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Elite Traveler Speaks to Esben Holmboe Bang

By Chris Boyle

By Codelia Mantsebo

With his perpetual exploration of nature and natural ingredients, Chef Esben Holmboe Bang has made a name for himself on the international gourmet scene, firmly putting Norway on the culinary map with Maaemo.

Esben_8_credit Tuukka KoskiCongratulations on being named the Young Chef of the Year 2016. Our list is voted for by our jetsetting readers (rather than food critics or industry insiders). How does it feel to be recognized by the public in this way?

That’s what it’s all about! We come in early in the morning and we try to do everything we possibly can to give the guests that come through the door a great experience. It’s a very nice testament that we are on the right track to something.

In 2016 Maaemo was awarded a third Michelin star, becoming the first Norwegian restaurant ever to hold Michelin’s highest award. What does this mean to you?

To be honest I don’t think it really has sunk in yet. As a young cook I think three Michelin stars is kind of the holy grail and it’s something you see on the likes of old French masters. To be able to say now that we are a three Michelin star restaurant, it’s surreal and we are extremely proud of that and thankful.

A lot of inspiration for your dishes comes from nature. What is the reason behind this?

I want this restaurant to reflect who we are and where we are and in order to do that it’s very important that we use the Norwegian nature. The vast majority of this country is nature so it’s good. It kind of makes sense; this restaurant couldn’t be anywhere else. It’s a complete reflection of where we are in the world.

Interior, credit Bandar Abdul JauwadYour key technique is to take Norwegian food and strip it back to its bare essentials before recomposing it in an entirely new narrative. How do you tell this narrative through meals?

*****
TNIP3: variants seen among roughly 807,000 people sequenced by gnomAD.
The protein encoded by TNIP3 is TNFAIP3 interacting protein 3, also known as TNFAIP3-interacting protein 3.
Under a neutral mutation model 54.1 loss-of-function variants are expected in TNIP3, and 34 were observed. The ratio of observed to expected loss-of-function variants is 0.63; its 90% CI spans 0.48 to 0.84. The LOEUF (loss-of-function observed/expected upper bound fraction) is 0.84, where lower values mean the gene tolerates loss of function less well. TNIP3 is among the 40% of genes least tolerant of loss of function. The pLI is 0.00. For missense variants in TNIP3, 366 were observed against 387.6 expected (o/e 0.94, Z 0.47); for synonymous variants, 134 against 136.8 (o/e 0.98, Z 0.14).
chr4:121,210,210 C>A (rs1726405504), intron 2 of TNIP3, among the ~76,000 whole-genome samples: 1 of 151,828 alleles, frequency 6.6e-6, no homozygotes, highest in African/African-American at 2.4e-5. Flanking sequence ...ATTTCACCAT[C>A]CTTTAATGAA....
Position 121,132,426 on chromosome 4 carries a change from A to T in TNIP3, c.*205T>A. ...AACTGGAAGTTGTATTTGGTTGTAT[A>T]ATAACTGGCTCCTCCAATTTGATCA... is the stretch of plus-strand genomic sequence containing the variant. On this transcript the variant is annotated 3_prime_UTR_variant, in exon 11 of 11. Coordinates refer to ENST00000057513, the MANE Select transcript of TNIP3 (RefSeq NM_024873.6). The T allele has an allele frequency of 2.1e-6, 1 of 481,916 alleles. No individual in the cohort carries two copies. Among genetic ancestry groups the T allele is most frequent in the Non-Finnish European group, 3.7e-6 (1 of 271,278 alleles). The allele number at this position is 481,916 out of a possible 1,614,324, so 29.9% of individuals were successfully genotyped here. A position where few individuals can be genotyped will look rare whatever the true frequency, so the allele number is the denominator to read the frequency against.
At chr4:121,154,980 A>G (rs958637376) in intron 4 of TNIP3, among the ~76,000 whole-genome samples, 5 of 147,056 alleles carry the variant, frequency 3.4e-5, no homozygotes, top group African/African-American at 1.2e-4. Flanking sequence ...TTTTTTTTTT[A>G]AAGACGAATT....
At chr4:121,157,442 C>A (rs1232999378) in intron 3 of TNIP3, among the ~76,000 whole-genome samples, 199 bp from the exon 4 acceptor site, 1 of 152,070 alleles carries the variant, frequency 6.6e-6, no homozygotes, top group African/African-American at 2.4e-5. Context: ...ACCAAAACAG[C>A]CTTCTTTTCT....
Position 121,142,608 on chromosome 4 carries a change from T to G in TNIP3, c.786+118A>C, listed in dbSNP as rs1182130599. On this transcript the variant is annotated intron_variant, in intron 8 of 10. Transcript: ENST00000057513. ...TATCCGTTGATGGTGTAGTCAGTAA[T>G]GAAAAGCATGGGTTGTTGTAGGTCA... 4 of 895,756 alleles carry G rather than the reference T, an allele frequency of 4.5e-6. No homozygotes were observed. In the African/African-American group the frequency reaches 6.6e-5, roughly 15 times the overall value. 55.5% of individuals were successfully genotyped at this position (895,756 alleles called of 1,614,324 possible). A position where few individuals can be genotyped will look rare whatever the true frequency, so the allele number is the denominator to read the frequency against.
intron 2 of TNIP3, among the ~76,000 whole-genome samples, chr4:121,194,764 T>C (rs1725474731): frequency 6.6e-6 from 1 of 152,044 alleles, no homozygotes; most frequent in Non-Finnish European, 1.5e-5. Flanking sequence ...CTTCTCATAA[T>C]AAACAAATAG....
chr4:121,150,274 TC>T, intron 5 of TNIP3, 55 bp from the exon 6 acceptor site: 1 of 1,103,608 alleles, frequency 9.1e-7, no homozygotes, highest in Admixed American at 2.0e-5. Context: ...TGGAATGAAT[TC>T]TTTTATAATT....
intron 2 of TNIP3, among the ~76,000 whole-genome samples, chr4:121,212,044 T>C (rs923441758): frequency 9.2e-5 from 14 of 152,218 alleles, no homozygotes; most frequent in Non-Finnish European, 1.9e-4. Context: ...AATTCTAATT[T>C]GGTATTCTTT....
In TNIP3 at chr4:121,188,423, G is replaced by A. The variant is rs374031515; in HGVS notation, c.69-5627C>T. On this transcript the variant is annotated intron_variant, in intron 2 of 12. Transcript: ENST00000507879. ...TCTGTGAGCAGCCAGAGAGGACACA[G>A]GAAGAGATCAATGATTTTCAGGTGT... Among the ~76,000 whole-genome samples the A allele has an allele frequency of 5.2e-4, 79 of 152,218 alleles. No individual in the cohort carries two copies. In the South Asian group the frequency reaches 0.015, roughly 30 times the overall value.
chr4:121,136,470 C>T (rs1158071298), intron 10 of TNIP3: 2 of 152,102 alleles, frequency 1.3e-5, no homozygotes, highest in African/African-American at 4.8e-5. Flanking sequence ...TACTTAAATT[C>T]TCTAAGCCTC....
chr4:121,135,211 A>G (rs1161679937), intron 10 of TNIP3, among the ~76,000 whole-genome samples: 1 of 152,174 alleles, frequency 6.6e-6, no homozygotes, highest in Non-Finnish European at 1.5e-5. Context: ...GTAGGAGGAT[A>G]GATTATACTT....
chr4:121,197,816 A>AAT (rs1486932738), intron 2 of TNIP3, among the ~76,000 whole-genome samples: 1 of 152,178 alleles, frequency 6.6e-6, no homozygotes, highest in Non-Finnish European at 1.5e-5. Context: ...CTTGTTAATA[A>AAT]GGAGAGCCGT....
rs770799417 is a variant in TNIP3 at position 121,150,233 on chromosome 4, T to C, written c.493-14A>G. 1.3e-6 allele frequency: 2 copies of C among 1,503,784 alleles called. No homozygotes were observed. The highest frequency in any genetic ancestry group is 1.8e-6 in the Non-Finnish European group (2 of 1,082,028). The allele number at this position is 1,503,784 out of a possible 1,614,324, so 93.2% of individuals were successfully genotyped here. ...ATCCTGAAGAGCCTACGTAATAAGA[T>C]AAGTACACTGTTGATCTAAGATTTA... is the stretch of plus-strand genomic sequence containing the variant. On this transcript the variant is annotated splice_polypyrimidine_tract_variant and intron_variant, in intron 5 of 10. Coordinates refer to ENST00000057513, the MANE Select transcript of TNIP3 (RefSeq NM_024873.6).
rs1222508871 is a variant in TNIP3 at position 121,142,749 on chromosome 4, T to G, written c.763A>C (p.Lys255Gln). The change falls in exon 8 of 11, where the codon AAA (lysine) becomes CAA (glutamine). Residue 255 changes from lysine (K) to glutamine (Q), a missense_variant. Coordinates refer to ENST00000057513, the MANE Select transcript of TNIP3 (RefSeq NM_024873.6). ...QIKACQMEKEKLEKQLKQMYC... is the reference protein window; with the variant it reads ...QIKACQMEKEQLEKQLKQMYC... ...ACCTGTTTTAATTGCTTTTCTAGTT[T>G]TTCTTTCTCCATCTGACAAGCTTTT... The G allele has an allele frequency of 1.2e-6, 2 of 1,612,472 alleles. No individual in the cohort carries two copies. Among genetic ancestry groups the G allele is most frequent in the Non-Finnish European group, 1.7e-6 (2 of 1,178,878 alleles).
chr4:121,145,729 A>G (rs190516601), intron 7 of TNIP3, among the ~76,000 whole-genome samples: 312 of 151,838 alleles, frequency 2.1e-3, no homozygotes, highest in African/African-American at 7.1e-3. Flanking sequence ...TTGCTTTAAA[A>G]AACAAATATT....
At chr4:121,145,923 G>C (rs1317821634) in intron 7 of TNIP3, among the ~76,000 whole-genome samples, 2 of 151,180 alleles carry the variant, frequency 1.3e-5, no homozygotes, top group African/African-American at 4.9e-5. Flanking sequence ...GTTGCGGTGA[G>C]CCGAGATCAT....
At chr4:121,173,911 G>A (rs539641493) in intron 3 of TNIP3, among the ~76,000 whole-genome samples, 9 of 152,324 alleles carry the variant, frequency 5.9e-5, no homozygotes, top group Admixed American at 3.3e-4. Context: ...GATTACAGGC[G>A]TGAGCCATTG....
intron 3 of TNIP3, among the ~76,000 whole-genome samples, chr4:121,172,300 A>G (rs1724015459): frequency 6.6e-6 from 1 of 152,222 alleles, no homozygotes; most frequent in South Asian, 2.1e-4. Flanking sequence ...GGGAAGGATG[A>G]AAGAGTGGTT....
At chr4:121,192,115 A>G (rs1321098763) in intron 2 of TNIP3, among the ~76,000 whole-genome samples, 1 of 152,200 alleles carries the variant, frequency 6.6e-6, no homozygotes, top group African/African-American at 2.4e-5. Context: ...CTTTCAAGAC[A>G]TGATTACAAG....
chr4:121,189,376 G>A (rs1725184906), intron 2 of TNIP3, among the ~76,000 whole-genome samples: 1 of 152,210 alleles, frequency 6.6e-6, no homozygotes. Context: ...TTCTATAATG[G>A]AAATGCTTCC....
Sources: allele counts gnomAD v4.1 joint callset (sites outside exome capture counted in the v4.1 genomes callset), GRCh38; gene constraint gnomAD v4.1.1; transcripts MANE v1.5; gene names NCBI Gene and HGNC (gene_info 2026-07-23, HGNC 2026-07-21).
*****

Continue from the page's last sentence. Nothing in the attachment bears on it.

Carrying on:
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The menu has a story and we need to communicate something with our food. Otherwise the way I see it, it’s all a waste. So it’s very important for me that the whole meal, not a single dish but the meal as a whole has a strong sense of place and a strong sense of story to tell.

You’re originally from Copenhagen, where did your passion for Norwegian culinary come from?

I came to this country 12 years ago and I actually didn’t like it! It took me a year or so and then I started seeing Norway’s connection to wild nature. You don’t have that much in Denmark. It’s a smaller country and it’s much more flat, whereas in Norway you have this dramatic scenery of fjords and mountains and it resonates with me very well I think.

Do you think your Danish roots have any influence in your cooking?

To be honest it’s only one hour away, it’s not like I grew up in the Caribbean – it’s not that far. Norway and Denmark are in the same region. Of course there are big differences and there are big things we have in common as well but the background is very similar. I think it’s important that we look at things with new eyes. A lot of things I’m using, I didn’t grow up with, but a lot of Norwegians did. So I see things for the first time and maybe Norwegians have seen all their life and I think that might be a strong thing for us.

As the first and only restaurant in the Nordics to receive such a high recognition, do you have any plans to expand your unique culinary experiences globally? 

We don’t have any at moment, we are just trying to really connect with what we are doing here. I want to roll deeper into the DNA and identity of what we are doing and really get under the skin of it. I think this takes up all my time. I can’t really see it at the moment; I’ll be spreading myself too thin.

With a playful tasting menu of over 20 courses, what would you say is a must-have/must –try dish on your menu?

We have an oyster dish which has been on the menu here since we opened – one of our signature dishes. This is a dish that has always been a firm thing on the menu. It has followed me now for the past 6 years and I’m very fond of it.

Apart from Norwegian food, what would you say is your favorite dish in the world?

It really depends on who you’re with or where you are. I don’t have a favorite dish per se; it all depends on the company you’re with.

Which restaurant do you think is the best in the world today?

Best in the world?! I don’t know. I can say there’s one restaurant that changed my life and that is Noma. I think to have a restaurant that completely redefines an entire part of the world is quite unique and I think it’s important to recognize that.

If and when you ever get any time off where would you like to eat?

I want to try a really luxurious traditional Kaiseki restaurant in Japan – I haven’t tried that yet. I’ve done all of the two and three star sushi things but I haven’t done the luxurious fine dining where you sit in a room and experience the dishes.

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